Previous research has demonstrated that musicians show superior neural sound discrimination when compared to non-musicians, and that these changes emerge with accumulation of training. Our aim was to investigate whether individual differences in executive functions predict training-related changes in neural sound discrimination. We measured event-related potentials induced by sound changes coupled with tests for executive functions in musically trained and non-trained children aged 9-11 years and 13-15 years. High performance in a set-shifting task, indexing cognitive flexibility, was linked to enhanced maturation of neural sound discrimination in both musically trained and non-trained children. Specifically, well-performing musically trained children already showed large mismatch negativity (MMN) responses at a young age as well as at an older age, indicating accurate sound discrimination. In contrast, the musically trained low-performing children still showed an increase in MMN amplitude with age, suggesting that they were behind their high-performing peers in the development of sound discrimination. In the non-trained group, in turn, only the high-performing children showed evidence of an age-related increase in MMN amplitude, and the low-performing children showed a small MMN with no age-related change. These latter results suggest an advantage in MMN development also for high-performing non-trained individuals. For the P3a amplitude, there was an age-related increase only in the children who performed well in the set-shifting task, irrespective of music training, indicating enhanced attention-related processes in these children. Thus, the current study provides the first evidence that, in children, cognitive flexibility may influence age-related and training-related plasticity of neural sound discrimination.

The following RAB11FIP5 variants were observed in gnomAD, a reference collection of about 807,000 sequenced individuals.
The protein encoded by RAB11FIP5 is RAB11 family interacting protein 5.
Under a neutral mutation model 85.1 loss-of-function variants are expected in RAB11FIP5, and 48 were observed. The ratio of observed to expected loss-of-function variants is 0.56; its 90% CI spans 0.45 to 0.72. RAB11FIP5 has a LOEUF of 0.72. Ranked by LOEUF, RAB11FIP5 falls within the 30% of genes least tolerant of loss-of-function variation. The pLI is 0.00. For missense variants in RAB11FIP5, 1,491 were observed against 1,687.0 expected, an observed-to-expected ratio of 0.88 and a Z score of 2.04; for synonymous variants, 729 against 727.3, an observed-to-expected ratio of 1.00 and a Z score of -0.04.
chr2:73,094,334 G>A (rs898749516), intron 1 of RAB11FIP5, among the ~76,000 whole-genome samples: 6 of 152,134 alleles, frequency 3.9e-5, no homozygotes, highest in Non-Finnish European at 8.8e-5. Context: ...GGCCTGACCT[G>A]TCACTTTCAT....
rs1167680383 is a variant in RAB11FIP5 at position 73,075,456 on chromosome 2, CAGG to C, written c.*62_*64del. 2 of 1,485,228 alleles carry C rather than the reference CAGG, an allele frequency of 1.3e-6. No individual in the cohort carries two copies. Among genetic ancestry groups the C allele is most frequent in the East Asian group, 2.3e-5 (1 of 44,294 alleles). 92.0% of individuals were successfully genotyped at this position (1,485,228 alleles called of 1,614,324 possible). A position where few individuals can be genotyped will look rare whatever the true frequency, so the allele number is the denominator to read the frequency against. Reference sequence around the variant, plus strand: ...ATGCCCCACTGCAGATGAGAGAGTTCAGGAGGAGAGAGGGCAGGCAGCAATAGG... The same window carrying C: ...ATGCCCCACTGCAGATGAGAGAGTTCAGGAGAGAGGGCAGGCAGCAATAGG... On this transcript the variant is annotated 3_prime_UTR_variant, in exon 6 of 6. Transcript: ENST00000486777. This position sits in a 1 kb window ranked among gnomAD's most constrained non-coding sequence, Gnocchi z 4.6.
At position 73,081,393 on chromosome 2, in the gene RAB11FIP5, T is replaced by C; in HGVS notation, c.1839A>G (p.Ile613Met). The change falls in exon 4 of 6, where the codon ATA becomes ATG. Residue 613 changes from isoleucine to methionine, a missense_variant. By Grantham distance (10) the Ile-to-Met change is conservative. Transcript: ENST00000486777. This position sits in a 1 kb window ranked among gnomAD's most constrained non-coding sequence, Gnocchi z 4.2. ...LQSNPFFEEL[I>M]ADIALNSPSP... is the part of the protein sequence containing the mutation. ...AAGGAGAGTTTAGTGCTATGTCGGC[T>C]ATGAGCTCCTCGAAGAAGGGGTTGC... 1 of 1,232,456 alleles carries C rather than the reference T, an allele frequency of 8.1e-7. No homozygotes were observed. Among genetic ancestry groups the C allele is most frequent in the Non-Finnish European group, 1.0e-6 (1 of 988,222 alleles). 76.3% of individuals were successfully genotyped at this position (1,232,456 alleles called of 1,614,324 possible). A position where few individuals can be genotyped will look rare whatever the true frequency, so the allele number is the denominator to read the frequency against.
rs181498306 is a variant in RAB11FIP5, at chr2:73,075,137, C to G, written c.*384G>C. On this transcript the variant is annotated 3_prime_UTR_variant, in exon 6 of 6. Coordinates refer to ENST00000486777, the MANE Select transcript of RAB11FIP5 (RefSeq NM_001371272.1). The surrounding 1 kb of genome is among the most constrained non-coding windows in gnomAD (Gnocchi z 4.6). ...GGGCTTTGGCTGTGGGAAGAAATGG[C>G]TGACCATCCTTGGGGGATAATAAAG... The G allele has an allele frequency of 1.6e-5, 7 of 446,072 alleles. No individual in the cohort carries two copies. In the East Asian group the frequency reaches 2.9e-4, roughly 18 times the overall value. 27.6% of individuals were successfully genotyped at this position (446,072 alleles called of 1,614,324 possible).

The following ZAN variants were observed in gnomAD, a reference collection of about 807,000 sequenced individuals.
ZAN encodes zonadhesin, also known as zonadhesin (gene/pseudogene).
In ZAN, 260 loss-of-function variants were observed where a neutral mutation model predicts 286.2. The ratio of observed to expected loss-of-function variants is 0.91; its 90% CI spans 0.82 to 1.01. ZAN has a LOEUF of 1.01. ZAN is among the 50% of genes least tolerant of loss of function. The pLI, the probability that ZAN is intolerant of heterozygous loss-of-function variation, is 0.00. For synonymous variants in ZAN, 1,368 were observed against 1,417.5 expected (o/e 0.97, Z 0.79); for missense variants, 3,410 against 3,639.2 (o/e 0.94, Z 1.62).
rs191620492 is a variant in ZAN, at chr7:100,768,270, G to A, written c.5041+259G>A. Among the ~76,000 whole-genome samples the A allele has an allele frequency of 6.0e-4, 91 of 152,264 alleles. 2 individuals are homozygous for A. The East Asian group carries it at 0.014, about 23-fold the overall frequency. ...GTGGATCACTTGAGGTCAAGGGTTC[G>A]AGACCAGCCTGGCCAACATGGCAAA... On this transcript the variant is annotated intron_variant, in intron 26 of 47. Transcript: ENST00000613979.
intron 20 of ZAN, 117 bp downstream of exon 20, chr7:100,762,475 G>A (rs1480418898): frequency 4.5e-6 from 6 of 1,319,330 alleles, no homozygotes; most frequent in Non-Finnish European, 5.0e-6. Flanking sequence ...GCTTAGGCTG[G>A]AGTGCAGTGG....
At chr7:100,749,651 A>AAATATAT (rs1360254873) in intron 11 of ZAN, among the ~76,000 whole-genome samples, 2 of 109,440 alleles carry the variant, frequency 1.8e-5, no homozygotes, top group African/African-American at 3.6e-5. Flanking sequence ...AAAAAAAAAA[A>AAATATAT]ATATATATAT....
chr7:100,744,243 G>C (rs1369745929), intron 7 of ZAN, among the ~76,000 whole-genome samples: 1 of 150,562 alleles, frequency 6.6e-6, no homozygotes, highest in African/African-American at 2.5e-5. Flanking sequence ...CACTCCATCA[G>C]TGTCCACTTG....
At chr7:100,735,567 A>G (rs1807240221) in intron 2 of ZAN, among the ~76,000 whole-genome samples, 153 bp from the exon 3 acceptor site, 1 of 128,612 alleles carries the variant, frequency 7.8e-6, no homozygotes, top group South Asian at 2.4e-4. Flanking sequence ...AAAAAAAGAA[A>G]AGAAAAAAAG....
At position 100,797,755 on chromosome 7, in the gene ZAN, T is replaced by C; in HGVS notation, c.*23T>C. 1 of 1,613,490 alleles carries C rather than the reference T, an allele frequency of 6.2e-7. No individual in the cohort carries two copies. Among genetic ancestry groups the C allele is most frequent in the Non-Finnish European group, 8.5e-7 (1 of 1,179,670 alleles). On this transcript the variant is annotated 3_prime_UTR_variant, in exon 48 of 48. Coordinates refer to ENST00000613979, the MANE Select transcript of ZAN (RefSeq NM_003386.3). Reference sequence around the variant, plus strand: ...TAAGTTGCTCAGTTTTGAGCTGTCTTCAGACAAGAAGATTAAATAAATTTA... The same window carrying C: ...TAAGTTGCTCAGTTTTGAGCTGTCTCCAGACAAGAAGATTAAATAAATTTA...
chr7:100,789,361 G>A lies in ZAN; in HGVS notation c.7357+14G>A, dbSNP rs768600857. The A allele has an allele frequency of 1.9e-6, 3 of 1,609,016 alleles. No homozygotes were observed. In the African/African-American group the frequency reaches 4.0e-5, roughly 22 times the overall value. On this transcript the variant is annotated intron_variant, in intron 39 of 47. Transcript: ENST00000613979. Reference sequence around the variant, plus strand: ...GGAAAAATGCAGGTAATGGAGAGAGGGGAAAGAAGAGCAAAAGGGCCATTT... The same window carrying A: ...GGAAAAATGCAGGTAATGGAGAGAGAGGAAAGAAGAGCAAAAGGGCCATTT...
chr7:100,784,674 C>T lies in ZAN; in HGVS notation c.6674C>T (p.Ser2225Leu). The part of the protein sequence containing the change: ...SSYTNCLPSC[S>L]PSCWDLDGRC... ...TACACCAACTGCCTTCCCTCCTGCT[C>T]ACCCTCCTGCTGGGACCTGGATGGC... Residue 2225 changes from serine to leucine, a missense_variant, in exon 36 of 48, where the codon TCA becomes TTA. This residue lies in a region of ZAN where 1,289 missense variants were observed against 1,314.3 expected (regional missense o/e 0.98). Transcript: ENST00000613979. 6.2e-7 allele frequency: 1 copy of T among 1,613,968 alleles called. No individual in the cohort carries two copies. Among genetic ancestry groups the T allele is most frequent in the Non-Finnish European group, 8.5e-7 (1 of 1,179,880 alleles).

Keywords: childhood; executive functions; maturation; mismatch negativity; music training.
© 2016 Federation of European Neuroscience Societies and John Wiley & Sons Ltd.